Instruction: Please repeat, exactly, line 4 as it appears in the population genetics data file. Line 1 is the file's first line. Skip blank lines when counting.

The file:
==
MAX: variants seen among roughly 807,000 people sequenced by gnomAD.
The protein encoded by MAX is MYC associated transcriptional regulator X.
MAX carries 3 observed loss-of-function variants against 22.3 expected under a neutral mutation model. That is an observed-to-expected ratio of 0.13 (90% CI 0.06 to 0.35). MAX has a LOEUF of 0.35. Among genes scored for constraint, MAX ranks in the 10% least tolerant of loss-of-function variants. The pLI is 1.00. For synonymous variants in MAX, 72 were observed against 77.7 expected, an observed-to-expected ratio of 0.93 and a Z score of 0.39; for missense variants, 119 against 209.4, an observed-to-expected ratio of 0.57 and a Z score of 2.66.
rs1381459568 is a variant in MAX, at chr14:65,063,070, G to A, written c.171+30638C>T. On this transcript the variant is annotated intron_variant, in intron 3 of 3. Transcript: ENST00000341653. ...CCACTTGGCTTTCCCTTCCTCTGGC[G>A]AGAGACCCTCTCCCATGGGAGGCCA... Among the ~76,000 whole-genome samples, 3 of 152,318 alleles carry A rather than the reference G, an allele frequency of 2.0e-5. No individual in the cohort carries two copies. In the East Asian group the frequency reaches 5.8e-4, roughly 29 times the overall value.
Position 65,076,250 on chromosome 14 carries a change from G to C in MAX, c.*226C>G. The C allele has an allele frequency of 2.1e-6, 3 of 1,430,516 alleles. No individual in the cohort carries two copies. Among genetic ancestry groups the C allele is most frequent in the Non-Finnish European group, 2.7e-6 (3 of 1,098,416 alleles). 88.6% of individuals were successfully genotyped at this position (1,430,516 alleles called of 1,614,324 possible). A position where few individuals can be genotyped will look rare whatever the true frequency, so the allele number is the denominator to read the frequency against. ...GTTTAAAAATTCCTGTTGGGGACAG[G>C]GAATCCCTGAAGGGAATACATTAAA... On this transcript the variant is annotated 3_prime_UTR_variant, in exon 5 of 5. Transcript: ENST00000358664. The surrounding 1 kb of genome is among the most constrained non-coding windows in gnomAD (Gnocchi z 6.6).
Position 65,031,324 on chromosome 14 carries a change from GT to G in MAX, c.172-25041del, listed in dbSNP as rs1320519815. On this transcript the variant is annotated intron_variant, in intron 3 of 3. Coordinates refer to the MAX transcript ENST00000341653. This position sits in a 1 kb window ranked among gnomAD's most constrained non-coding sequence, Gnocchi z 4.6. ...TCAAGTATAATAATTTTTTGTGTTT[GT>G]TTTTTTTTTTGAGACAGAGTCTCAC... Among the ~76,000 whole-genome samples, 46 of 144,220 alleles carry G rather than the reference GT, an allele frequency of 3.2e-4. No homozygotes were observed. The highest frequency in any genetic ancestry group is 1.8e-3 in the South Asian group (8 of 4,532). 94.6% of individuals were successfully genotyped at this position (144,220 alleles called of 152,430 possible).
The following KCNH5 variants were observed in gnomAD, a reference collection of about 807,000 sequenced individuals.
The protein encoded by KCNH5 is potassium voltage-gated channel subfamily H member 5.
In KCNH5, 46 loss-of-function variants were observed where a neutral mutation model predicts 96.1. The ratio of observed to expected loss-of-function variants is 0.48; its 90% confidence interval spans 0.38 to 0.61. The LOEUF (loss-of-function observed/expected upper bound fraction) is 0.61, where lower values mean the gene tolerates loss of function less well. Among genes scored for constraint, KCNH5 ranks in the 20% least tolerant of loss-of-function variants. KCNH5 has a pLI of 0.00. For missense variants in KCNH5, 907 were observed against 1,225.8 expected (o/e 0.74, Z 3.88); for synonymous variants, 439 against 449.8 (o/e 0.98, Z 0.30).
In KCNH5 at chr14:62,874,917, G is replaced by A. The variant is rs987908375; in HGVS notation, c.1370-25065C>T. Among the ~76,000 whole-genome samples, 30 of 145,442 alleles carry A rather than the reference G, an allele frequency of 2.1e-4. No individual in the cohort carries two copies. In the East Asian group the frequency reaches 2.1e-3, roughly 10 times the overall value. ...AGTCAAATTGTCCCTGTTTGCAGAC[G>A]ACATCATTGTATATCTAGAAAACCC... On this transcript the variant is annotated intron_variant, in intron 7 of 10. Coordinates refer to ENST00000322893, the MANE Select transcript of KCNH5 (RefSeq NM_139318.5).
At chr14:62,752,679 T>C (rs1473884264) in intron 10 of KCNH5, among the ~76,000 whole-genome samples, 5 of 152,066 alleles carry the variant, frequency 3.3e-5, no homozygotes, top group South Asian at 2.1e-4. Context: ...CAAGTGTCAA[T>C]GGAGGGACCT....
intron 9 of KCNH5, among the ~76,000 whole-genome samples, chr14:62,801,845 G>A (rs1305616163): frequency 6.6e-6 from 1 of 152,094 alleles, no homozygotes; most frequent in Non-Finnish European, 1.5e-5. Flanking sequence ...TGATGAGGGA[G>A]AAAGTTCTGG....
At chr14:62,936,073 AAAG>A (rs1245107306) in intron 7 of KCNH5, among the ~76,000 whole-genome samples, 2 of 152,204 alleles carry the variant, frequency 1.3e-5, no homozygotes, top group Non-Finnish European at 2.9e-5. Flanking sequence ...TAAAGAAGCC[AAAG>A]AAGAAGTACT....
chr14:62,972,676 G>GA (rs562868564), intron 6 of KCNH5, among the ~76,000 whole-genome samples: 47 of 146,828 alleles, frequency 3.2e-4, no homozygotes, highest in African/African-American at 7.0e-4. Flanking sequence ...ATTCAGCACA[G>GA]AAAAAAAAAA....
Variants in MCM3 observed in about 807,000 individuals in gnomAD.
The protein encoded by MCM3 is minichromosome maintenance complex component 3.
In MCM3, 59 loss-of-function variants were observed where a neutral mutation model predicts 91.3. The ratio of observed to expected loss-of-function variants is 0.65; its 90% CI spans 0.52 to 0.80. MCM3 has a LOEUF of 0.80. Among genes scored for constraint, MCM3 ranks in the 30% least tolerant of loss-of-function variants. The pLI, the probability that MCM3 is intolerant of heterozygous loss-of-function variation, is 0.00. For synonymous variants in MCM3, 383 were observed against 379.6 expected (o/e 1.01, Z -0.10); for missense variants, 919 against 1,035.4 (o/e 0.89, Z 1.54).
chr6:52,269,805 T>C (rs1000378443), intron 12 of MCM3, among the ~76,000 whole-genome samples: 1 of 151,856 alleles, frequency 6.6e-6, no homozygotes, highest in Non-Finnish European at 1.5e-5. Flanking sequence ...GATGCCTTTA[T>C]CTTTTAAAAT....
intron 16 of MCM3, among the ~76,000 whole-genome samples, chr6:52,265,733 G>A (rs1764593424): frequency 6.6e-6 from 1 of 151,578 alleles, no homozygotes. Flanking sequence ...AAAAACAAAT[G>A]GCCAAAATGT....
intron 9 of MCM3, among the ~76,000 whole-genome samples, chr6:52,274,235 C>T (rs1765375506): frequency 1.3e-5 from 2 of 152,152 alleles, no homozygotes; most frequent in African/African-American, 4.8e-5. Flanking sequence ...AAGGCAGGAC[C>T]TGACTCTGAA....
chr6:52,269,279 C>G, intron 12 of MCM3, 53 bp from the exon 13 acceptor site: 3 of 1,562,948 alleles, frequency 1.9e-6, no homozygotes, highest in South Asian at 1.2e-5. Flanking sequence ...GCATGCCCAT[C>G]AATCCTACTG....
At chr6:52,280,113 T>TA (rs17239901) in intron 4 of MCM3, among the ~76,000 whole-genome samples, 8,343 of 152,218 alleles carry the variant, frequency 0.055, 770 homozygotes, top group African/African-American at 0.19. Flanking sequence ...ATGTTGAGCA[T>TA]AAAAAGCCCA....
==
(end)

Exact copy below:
rs1381459568 is a variant in MAX, at chr14:65,063,070, G to A, written c.171+30638C>T. On this transcript the variant is annotated intron_variant, in intron 3 of 3. Transcript: ENST00000341653. ...CCACTTGGCTTTCCCTTCCTCTGGC[G>A]AGAGACCCTCTCCCATGGGAGGCCA... Among the ~76,000 whole-genome samples, 3 of 152,318 alleles carry A rather than the reference G, an allele frequency of 2.0e-5. No individual in the cohort carries two copies. In the East Asian group the frequency reaches 5.8e-4, roughly 29 times the overall value.